Astronomy and Astrophysics

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Astronomy and Astrophysics

The study of the night sky has been the domain of scientists, mathematicians, opticians, physicists, chemists, cranks, quacks, and dreamers—a body of people who studied the stars and planets from every conceivable intellectual and technical vantage point. If the eighteenth century saw an acceleration in astronomers' ability to classify stars and measure their positions, the nineteenth century saw a flourishing of different disciplines being applied to astronomy. Dramatic increases in the power and sophistication of research tools allowed astronomers to examine more specific phenomena more intensely. These studies included objects near and far: the Sun, planets in our own solar system, supernovae, planetary nebulae, and the chemical nature of stars through the use of spectroscopy.

Astronomy is a technology-intensive science. Although the ancients used the naked eye and measuring devices to great advantage, and the arrival of more sophisticated tools in the late sixteenth century, such as the large and accurate mural quadrants of Tycho Brahe, provided a new precision, the arrival of the telescope at the dawn of the seventeenth century changed everything. Technology became essential, and more so with each passing century; the books published during the nineteenth century distinctly reflect this fact. Improvements in the design of refracting telescopes, which used an objective lens through which light passed directly through an eyepiece and thence to the eye, had relied heavily on improvements in glass-making technology, and advances in telescope optics and design continued throughout the nineteenth century. These developments are reflected in the work and subsequent publications of Joseph von Fraunhofer, Alvan Clark, and John Brashear. Throughout the nineteenth century new techniques and equipment emerged to make viewing the night sky and the Sun more accurate and more revealing. These advances included diffraction gratings by the American astronomer David Rittenhouse, improvements in astronomic photography by George Willis Ritchey, and other gear that refined viewers' abilities to see or record finer and more specific distinctions in light and spectra.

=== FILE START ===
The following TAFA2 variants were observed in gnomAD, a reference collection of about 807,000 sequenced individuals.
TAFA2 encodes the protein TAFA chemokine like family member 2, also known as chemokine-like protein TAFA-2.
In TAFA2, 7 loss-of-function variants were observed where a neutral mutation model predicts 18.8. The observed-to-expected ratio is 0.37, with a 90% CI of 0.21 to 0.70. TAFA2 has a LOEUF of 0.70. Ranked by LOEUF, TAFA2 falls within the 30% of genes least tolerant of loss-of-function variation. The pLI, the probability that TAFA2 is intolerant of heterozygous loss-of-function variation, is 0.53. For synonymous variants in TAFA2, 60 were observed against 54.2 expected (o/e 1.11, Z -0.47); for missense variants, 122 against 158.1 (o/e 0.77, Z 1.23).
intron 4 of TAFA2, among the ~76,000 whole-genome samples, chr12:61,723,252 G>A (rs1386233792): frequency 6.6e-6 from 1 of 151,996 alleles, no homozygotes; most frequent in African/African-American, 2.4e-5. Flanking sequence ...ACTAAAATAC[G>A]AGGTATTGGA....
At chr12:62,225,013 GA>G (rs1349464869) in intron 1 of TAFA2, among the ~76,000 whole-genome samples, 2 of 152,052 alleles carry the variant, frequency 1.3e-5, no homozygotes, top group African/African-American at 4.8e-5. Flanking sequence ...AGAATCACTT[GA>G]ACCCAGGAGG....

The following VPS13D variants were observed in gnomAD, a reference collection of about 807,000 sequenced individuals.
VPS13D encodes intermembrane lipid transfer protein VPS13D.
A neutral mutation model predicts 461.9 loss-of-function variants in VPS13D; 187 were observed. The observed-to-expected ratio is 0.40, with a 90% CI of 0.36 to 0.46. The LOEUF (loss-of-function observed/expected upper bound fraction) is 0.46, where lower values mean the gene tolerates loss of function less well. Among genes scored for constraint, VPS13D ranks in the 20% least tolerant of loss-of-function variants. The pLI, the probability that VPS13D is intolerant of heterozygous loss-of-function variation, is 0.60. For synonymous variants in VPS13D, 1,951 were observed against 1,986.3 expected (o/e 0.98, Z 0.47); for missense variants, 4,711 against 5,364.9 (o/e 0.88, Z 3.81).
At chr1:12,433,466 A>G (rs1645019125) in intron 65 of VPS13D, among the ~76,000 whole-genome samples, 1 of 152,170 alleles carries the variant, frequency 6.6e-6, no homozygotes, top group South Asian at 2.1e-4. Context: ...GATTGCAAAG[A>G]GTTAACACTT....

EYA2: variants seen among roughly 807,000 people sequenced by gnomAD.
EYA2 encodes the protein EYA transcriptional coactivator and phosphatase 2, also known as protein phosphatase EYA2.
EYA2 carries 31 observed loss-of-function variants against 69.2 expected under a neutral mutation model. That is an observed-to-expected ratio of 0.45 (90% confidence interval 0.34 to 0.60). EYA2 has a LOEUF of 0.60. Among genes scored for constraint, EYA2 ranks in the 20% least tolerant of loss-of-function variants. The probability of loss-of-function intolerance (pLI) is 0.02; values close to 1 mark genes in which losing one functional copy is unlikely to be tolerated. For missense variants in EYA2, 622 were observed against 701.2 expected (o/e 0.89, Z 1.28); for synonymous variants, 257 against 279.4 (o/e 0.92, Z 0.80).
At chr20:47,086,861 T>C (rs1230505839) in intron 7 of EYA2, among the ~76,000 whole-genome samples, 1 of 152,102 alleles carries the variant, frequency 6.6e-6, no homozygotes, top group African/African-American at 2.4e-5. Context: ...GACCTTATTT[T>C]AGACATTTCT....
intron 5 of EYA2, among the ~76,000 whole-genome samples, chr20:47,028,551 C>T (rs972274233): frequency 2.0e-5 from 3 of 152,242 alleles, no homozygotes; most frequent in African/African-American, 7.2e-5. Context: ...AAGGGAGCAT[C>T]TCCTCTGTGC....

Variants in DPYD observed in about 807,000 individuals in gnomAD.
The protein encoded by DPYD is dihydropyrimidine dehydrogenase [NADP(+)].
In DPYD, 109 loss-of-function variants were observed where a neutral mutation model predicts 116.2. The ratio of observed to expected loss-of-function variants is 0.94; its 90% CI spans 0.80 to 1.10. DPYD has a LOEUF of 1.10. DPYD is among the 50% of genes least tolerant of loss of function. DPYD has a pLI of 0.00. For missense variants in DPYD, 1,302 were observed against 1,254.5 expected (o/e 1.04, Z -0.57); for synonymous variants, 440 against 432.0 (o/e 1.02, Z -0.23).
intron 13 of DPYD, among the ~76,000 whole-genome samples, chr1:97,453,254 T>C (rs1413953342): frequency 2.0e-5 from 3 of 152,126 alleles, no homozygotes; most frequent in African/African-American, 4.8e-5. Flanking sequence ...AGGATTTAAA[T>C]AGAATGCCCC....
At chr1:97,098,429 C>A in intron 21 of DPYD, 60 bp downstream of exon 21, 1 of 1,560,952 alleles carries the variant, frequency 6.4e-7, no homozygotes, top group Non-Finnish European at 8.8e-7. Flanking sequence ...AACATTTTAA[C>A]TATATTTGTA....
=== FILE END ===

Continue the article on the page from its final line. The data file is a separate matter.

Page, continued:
During the nineteenth century, solar astronomy became a distinct science as astronomers turned their efforts toward our solar system's own star—a convenient, nearby, and readily available target for research. Solar astronomers such as George Ellery Hale, Richard Carrington, and Gustav Kirchhoff wrote widely on the Sun and its properties. Hale was especially important as the first to lay out the physical basis for the solar cycle (sometimes known as the Hale cycle), the regular variations in sunspot activity, and discovering that the cycle was a magnetic one with an average duration of twenty-two years. Hale also invented the spectroheliograph, an instrument that can capture a photographic image of the Sun at a single wavelength of light, and then the spectrohelioscope, which did away with the photograph and allowed the viewer to see a single wavelength of sunlight with the naked eye.

Not all writers working on astronomical topics published strictly scientific works. Popular texts on astronomy aimed at the amateur astronomer or student appeared in increasing numbers through the nineteenth century, including Elijah Burritt's The Geography of the Heavens (1833), Thomas Dick's The Sidereal Heavens (1840) and The Practical Astronomer (1845); in Complete Works, (1859). Simon Newcomb's Popular Astronomy (1878; 4th ed., rev., 1882) and Astronomy for Everybody (1902), and the many works of Richard A. Proctor. These writers also published widely in the serial literature, and generally demystified a science that seemed fearsome to some observers because of its increasing emphasis on mathematics and physics.